Lily’s Crossing – Patricia Reilly Giff
Delacorte Press, 1997
Patricia Reilly Giff, who died in June, left an unforgettable body of work for young readers. Her funny and engaging series about the Polk Street School kids, her historical novels, many about Irish and Irish-American children, and a broad range of other works, are her legacy. One of my favorite books by her, and, in fact, by any author of middle-grade fiction, remains Lily’s Crossing. This story of a motherless girl, Lily Mollahan, who befriends a Hungarian refugee boy, Albert Orban, takes place in Far Rockaway, New York, in 1944. Lily, her father, and her grandmother live in St. Albans, Queens, but spend the summers in a seaside community where both year-round and summer residents make their homes. Her best friend has moved to Detroit, and her father, an engineer, leaves to serve in the military. Lily is devastated. This beautiful, elegiac, look back at a specific time and place in American history is also a sensitive picture of childhood, relevant to anyone who has ever struggled with loss.
Life is hard during wartime. Mrs. Sherman’s bakery has been affected by rationing, now selling mainly cookies which “would be hard by now, the juice drained out overnight.” The local letter carrier is kept busy, but still has time to let Lily know when he has a letter from her father overseas. Lily’s days are filled with swimming and rowing, practicing the piano, attending church, and feeling sad. Giff captures both the nostalgia for an era when Americans were largely united in a feeling of sacrifice, but also lived with the daily anguish and anxiety of absent fathers, brothers, and husbands. Many Americans, like Lily’s neighbors, the Orbans, had relatives in Europe whose fate was uncertain, or worse. When Lily meets Albert, at first she projects her anger at him, finding his serious, almost adult, demeanor, to be irritating. But gradually the two children form a bond based on their grief, as well as their need to be normal, rule-testing, kids.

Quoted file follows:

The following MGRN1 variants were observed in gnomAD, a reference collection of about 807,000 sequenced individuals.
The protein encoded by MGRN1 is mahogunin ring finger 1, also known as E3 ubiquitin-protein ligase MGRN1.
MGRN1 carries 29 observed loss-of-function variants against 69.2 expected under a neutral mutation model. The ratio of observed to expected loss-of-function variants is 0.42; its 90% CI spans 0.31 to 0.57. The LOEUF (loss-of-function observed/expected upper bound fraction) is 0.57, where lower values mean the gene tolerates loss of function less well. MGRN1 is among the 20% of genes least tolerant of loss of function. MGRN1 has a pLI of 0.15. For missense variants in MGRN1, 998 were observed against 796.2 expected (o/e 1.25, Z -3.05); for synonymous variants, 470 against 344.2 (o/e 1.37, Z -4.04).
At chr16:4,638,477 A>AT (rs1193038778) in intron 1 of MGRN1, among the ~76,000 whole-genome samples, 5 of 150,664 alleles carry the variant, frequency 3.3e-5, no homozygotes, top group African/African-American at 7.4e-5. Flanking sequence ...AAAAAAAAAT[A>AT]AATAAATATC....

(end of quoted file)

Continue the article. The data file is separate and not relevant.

Lily feels guilty because she sometimes tells lies. Imaginary accomplishments or famous distant relatives make her feel important, and creative untruths can sometimes keep her out of trouble. When she suggests an unrealistic plan to reunite with her father, Albert desperately tries to follow her lead. Both Lily and Albert figure out that motives matter when people make mistakes, even nearly disastrous ones. They also learn that telling the truth is hard, but that they have built up a level of trust with one another where it is much better than the alternative.
Lily has a collection of paper stars which remind her of her mother. Each summer, she brings up with her from St. Albans to Far Rockaway. When she explains the practice to Albert, he understands:
“I bring one with me to Rockaway every year,” she said. “I counted. There are dozens of them left on my ceiling. I’ll be thirty or forty before they’re all used up,”…
She took a breath. It was nice to tell someone about the stars. It was so nice to talk about her mother as if she, Lily, were like everyone else, like everyone who had a mother…
Lily squinted a little, looking out at a curl of smoke from a freighter far away.”
Patricia Reilly Giff has so many books to share with children, but you might want to begin with this one. It will be so nice to tell someone about the stars.